There is a greater focus on how we are all contributing going into an uncertain future. Brands can be at the forefront of these new ways of doing business. That might mean telling their brand story in a more sensitive tone of voice or looking to use their position to give back to the community. Think of how our own day to day conversations have changed, the way our branded content communicates will go through it’s own change. It’s all about positive change for the better.

As far as, the nuts and bolts of production goes that has become a more complicated affair. We want to get back to work as soon as possible but of course the health and wellbeing of the people we work with is paramount. There has been guidance released to help us along but in a business where human contact is essential, it’s going to be tough to run a shoot for a while. We might lose some of the buzz that usually goes along with filming content. Thankfully, testing is becoming more widely available and we’ll make sure it’s at the top of our production list. Making content is all about problem solving, so we’ll find a way that’s safe and that works.

What is the greatest challenge corporate content faces right now?

Times are hard for corporate film. It’s a term that has been used over the last decade as a byword for sub-standard filmmaking. We’re talking cheap and quick videography thrown together at the last minute. It really doesn’t need to be that way. In fact, we’re big champions of doing great corporate work that can elevate brand communication. The label ‘corporate’ can often give the wrong impression when this area has lots of dynamic work that needs more recognition than it gets.

The one thing we look for when putting together corporate content is getting the right access for the projects we work on. When creating corporate video, the story of the business is best told by those who embody the brand’s values. That means having genuine voices from the people that make up the business as a whole. Obviously the working landscape has shifted since January and we’re not sure how it will all pan out. One thing we are sure of, is the need for internal video, brand messaging and corporate content to be more creative and engaging than ever.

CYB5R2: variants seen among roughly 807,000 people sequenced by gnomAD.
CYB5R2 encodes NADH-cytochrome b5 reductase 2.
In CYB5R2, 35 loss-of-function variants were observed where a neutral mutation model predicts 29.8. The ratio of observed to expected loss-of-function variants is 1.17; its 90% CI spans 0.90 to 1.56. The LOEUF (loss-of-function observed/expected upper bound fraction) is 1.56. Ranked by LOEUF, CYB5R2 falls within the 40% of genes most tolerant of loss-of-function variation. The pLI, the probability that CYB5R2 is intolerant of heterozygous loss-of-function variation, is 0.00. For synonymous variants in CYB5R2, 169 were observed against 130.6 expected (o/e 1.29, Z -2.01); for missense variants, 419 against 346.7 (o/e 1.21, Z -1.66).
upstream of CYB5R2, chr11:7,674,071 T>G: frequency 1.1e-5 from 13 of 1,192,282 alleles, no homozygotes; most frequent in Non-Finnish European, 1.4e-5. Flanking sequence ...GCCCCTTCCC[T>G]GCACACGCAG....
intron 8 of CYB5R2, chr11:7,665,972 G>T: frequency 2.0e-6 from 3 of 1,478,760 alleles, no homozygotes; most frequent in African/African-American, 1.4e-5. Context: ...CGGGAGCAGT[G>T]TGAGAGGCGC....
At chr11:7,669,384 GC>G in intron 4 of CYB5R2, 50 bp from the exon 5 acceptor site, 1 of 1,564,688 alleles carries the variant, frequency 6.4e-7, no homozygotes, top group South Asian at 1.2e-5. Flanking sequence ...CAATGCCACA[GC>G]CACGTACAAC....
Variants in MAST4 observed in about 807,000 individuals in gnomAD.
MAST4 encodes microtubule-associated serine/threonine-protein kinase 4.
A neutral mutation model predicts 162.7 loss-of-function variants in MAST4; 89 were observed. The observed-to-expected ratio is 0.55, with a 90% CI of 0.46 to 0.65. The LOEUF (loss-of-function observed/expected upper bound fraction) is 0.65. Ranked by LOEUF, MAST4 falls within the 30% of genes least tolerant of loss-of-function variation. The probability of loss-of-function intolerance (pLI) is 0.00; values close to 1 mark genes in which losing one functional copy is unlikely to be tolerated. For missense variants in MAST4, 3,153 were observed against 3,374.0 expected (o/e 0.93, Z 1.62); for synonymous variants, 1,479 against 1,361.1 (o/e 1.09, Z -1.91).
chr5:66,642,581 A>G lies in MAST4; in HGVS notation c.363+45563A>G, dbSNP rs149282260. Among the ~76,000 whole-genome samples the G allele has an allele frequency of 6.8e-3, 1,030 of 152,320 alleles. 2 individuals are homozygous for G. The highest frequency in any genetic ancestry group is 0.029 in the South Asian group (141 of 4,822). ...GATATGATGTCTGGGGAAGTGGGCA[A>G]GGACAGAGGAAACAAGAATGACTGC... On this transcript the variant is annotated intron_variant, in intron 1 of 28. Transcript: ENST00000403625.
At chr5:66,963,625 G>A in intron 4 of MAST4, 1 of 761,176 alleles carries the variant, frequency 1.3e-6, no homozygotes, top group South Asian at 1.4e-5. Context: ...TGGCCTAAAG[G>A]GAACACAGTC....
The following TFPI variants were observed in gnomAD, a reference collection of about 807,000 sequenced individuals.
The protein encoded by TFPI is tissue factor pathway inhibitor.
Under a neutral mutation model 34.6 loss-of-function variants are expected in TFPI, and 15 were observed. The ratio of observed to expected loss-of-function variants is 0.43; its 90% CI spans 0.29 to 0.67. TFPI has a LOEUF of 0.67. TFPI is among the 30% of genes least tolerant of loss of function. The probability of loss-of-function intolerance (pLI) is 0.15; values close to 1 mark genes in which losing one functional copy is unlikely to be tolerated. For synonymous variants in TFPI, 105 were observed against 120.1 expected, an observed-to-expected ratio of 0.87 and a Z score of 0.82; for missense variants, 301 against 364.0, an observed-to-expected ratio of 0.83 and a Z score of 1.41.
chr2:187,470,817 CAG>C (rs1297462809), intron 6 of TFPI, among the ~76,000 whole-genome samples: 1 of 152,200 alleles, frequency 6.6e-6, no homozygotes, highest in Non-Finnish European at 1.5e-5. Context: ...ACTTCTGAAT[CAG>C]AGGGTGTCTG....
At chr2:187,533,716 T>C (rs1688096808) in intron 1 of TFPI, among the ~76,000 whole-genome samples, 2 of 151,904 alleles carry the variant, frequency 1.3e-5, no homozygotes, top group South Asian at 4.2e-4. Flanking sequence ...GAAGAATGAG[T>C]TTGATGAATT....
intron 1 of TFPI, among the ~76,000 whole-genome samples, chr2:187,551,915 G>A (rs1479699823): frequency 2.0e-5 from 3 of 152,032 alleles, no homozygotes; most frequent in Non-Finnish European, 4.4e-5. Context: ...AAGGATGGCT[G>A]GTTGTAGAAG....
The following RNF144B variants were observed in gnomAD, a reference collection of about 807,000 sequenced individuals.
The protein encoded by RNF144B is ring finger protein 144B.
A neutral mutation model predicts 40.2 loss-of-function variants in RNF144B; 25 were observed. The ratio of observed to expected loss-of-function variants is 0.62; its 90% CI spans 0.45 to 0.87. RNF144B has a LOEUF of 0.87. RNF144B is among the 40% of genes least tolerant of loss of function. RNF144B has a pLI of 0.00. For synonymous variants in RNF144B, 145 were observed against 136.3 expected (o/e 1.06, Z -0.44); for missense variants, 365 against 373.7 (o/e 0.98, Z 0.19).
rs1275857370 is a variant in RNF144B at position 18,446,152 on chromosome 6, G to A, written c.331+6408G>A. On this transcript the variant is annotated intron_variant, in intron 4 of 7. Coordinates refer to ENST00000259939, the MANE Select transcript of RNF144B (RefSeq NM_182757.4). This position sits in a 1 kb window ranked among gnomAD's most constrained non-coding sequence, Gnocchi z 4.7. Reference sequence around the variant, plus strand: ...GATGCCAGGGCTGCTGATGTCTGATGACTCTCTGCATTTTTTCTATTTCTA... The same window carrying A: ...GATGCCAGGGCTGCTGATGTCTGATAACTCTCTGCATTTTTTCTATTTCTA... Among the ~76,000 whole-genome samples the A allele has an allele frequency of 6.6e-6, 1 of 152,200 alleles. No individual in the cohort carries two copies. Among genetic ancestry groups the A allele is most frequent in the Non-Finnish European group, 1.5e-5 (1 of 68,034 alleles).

What impact will advanced technology like AI and VR have on video content making?

The introduction of AI and VR into commercial filmmaking is one we’re very excited about. There are some interesting developments in customer interaction such as augmented reality, hotspot and choice driven videos that will give brands new ways to immerse customers in their brand. The appearance of content with ‘in-video’ purchasing options is something we see becoming the next big ‘everyday’ development. It’s only a matter of time before you can check out the spec of James Bond’s Omega timepiece, buy it and have it delivered to your door without missing a beat of action.

One area we have been exploring is developing our ‘virtual production’ options. The whole premise is to combine technology and VFX techniques to create video remotely. Now more than ever we’re facing difficult problems in production and finding digital solutions is essential. We’re already using previsualisation methods to plan and execute our shoots as well as real time compositing (a way to show how the final image looks live on set).